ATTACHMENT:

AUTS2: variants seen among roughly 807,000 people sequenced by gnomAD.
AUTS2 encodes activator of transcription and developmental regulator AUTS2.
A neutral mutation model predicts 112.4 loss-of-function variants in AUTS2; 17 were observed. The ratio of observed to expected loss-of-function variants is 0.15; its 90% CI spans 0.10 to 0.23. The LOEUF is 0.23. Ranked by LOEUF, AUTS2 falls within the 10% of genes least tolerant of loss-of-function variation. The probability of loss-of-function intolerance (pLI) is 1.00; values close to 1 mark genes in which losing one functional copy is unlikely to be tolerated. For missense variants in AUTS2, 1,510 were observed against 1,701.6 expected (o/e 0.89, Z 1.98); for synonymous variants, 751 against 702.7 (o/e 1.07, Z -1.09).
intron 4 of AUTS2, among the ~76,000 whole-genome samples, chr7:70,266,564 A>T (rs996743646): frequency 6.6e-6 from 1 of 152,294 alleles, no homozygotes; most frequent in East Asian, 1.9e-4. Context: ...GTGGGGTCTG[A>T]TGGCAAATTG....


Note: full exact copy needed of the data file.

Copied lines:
AUTS2: variants seen among roughly 807,000 people sequenced by gnomAD.
AUTS2 encodes activator of transcription and developmental regulator AUTS2.
A neutral mutation model predicts 112.4 loss-of-function variants in AUTS2; 17 were observed. The ratio of observed to expected loss-of-function variants is 0.15; its 90% CI spans 0.10 to 0.23. The LOEUF is 0.23. Ranked by LOEUF, AUTS2 falls within the 10% of genes least tolerant of loss-of-function variation. The probability of loss-of-function intolerance (pLI) is 1.00; values close to 1 mark genes in which losing one functional copy is unlikely to be tolerated. For missense variants in AUTS2, 1,510 were observed against 1,701.6 expected (o/e 0.89, Z 1.98); for synonymous variants, 751 against 702.7 (o/e 1.07, Z -1.09).
intron 4 of AUTS2, among the ~76,000 whole-genome samples, chr7:70,266,564 A>T (rs996743646): frequency 6.6e-6 from 1 of 152,294 alleles, no homozygotes; most frequent in East Asian, 1.9e-4. Context: ...GTGGGGTCTG[A>T]TGGCAAATTG....